Joe Biden: The ideal foil to the president
- 10 October 2012
- From the section US and Canada
Joseph Biden's foreign policy expertise and blue-collar appeal made him an astute addition to Barack Obama's ticket in 2008. And in the years since he was elected to that role, he has been a trusted adviser - and occasional pain in the neck - to the president.
A vice-president's first job is to get the ticket elected. And Mr Biden was chosen for the 2008 Democratic ticket to fill two gaps in Mr Obama's political repertoire.
Mr Biden, a veteran Delaware senator, was selected for his supposed folksy appeal to white working-class and middle-class voters.
And as a long-standing senior member of the Senate foreign relations committee, he could defend the ticket against Republican criticism that Mr Obama was ill-equipped for the role of commander-in-chief.
The two men complement each other in several other ways. While Mr Obama comes across as cool and collected, Mr Biden can be lively and combative in his attacks on opponents.
Mr Biden also relishes the old-fashioned politics of glad-handing and party networking that Mr Obama appears to dislike.
In the years since the 2008 election, Mr Biden has served as a trusted adviser to the president.
He has Mr Obama's permission to attend any West Wing meeting he wants, and has the final whisper in the president's ear on major policy decisions, according to a recent profile in New York Magazine.
But Mr Biden has also earned a reputation as a loose-lipped gaffe machine, offering fodder to the conservative media, distracting the cable news nets and knocking the White House off message.
Triumph and tragedy
Joseph Robinette Biden Jr was born in 1942 in Scranton, Pennsylvania, one of four children in an Irish-Catholic family. In American political code, hailing from that blue-collar town gives a politician credibility with middle America, and not least with the news media.
The family later moved to the small north-east state of Delaware, where Mr Biden attended the University of Delaware. He went to law school at Syracuse University in New York state.
He was elected to the US Senate in 1972 at age 29, and took office weeks later aged 30, the minimum age to enter the Senate.
But before he could take office, his family was devastated by tragedy. His wife and infant daughter were killed in a winter car accident.
At a recent 9/11 commemoration, Mr Biden spoke of his pain.
"No matter how many anniversaries you experience," he said, "for at least an instant, the terror of that moment returns; the lingering echo of that phone call; that sense of total disbelief that envelops you, where you feel like you're being sucked into a black hole in the middle of your chest."
Mr Biden ran for the presidency in 1988 but withdrew after he admitted plagiarising a speech by the then leader of the British Labour Party, Neil Kinnock.
He spent the next years rising through the Senate ranks, ultimately becoming chairman of the judiciary and foreign relations committees.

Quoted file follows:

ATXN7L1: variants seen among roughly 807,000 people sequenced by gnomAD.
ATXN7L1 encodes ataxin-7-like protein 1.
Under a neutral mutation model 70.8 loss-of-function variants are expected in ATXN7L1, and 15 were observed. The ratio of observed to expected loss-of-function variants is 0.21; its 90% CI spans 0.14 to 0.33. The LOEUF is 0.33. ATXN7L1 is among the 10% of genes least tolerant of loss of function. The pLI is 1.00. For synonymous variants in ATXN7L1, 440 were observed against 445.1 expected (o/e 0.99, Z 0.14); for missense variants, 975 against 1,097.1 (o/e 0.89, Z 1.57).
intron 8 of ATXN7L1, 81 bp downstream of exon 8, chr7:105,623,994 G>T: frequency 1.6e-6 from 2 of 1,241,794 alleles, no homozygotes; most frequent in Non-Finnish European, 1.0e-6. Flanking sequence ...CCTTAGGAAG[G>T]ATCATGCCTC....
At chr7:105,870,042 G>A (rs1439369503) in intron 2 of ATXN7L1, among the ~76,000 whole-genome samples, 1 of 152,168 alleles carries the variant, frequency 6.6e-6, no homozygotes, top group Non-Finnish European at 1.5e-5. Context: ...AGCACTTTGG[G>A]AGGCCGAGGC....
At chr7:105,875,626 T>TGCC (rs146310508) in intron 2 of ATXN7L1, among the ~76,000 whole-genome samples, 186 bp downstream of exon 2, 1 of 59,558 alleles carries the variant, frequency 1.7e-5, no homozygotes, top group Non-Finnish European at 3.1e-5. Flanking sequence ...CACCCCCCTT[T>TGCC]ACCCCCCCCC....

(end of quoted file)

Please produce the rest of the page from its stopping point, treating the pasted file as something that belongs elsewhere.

In 2008 he ran again for president but failed to gain traction and dropped out in January.
Mr Biden's reputation as an able politician has been marred by his loose tongue.
In 2007, he described Barack Obama as "the first mainstream African-American who is articulate and bright and clean and a nice-looking guy".
Shortly after the pair took office in early 2009, Mr Biden said in a speech that no matter how hard he and Mr Obama tried to get things right, they still ran a 30% chance of fouling up.
Asked about the remark at a press conference, Mr Obama chuckled.
"I don't remember exactly what Joe was referring to," he said. "Not surprisingly."
In the current campaign, with its hypercharged news cycle, he has been criticising for telling an audience of African Americans that Republicans would put them "back in chains".
Recently, Republicans jumped on his remark that the American middle class had been "buried" in the past four years - while Mr Obama was in the White House.
This year, one of Mr Biden's off-message comments significantly altered White House policy.
Mr Biden told an interviewer that he supported same-sex marriage, though Mr Obama had said for years his own position was "evolving".
White House aides were said to be furious, but within days, Mr Obama said he had come around and now supported legalising same sex marriage. The political fall-out has been negligible.
"Thank you for being the best vice-president I could ever hope for," Mr Obama said at the Democratic Convention in September.
In the 2012 campaign, Mr Biden's role has been to keep up the attack on Republican challenger Mitt Romney and his own running mate Paul Ryan, while Mr Obama's aides hope he keeps verbal blunders to a minimum.
If Mr Obama wins in November, Mr Biden is seen as a likely candidate for president in 2016. And given his apparent success as vice-president now, he could find himself at last on top of the Democratic ticket.